The Link Between Self Compassion And Peak Performance
Research shows that individuals who react to failure with self-compassion get back on the bandwagon much more swiftly than those who judge themselves. That’s because if you judge yourself for messing up, you’re liable to feel guilt or shame, and it is often this very guilt or shame that drives more of the undesired behavior.
The Primal Pleasure And Brutal History Of Sugar
In the Western imagination, sugar is pleasure, temptation, and vice — and in modern history, it is original sin. How a taste for sweetness, developed for survival, became a stand-in for everything good — and evil — about our culture.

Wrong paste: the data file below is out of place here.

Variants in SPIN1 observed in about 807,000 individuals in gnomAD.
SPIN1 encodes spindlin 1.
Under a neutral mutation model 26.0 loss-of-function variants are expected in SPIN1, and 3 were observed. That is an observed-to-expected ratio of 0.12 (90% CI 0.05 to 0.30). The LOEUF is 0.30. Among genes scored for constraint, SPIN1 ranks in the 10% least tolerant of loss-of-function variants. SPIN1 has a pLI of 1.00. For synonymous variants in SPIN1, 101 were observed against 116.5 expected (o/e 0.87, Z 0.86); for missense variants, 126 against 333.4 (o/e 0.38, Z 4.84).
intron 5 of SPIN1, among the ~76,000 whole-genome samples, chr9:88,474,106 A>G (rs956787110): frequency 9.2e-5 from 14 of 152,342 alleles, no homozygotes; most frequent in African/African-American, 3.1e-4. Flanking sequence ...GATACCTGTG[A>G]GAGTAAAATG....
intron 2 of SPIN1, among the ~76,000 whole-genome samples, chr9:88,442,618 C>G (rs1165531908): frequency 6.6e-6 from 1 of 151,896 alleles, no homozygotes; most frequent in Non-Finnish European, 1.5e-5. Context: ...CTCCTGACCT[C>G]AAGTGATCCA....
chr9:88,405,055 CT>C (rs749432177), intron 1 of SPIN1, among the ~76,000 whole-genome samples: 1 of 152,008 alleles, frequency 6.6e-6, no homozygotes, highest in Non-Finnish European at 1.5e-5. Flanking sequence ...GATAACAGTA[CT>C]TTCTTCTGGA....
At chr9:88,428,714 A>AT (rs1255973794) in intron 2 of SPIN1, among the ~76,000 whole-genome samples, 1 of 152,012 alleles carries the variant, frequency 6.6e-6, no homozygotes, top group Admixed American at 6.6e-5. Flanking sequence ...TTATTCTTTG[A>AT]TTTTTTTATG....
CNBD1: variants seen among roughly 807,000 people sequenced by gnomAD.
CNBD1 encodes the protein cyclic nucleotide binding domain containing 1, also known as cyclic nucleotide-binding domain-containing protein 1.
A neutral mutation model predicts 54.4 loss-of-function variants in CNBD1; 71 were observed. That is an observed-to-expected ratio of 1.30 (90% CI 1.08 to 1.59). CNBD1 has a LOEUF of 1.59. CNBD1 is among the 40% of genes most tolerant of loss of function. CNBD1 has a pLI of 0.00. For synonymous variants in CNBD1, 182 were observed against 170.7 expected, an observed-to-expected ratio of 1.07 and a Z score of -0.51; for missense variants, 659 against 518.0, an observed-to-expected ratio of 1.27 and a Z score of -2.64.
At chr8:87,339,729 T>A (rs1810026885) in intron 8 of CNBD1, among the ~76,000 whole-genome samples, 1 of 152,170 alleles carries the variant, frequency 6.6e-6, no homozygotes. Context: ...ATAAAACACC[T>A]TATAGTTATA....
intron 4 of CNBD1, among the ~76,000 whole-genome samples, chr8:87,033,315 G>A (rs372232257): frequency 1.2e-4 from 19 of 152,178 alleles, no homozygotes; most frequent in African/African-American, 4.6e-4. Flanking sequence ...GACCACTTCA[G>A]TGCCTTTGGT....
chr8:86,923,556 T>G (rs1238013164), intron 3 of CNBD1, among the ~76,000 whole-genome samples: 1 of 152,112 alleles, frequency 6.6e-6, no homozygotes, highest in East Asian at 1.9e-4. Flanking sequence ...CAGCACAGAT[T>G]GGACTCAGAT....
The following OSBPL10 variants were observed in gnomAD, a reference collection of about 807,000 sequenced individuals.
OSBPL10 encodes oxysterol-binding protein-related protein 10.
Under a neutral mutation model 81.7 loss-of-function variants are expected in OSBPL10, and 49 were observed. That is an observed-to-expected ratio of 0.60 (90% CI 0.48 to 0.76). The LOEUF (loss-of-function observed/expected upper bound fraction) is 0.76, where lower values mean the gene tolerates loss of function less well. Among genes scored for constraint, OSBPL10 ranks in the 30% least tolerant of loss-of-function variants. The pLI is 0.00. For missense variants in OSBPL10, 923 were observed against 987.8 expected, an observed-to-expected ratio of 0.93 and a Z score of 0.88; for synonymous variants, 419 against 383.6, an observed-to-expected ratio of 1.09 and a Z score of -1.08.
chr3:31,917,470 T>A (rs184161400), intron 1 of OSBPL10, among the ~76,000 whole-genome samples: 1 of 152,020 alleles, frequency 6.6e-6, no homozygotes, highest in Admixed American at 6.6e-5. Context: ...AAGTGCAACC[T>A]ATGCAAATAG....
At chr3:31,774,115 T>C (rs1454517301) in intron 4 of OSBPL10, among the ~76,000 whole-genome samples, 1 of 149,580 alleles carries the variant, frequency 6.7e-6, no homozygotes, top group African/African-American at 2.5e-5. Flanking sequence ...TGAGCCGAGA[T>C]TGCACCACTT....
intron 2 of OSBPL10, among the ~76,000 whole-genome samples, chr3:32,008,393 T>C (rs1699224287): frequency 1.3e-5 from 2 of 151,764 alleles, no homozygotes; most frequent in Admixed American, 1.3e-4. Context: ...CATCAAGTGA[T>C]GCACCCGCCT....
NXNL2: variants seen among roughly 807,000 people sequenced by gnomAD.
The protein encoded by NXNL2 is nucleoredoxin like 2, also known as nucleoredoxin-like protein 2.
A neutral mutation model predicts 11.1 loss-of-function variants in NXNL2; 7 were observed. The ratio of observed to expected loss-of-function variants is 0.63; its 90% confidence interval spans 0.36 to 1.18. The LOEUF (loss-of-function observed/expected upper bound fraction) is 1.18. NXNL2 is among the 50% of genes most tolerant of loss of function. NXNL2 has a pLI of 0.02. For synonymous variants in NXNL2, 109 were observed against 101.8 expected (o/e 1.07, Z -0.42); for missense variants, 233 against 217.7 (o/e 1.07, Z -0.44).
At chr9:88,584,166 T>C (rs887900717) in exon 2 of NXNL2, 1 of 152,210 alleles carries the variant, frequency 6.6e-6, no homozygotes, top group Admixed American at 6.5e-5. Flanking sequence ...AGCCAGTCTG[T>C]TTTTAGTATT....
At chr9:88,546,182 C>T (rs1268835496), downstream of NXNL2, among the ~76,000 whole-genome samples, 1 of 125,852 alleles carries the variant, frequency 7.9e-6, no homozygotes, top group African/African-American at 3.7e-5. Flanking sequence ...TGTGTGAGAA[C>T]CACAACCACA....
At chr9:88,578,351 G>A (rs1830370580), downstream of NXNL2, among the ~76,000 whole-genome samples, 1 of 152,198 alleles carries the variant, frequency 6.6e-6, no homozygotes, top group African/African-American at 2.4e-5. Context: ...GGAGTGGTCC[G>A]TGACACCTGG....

To Control Your Life, Control What You Pay Attention To
One of the best insights on what true productivity means in the 21st century dates back to 1890. In his book The Principles of Psychology, Vol.1, William James wrote a simple statement that’s packed with meaning: “My experience is what I agree to attend to.”
Can I Boost My Immune System?
The germs we are exposed to over a lifetime, as well as lifestyle factors like stress, sleep, diet and exercise all play a role in the strength of our immune response. Here’s what works — and what doesn’t.
How Exercise Shapes You, Far Beyond The Gym
Physical activity boosts short-term brain function and heightens awareness. And even on days they don’t train — which rules out fatigue as a factor — those who habitually push their bodies tend to confront daily stressors with a stoic demeanor.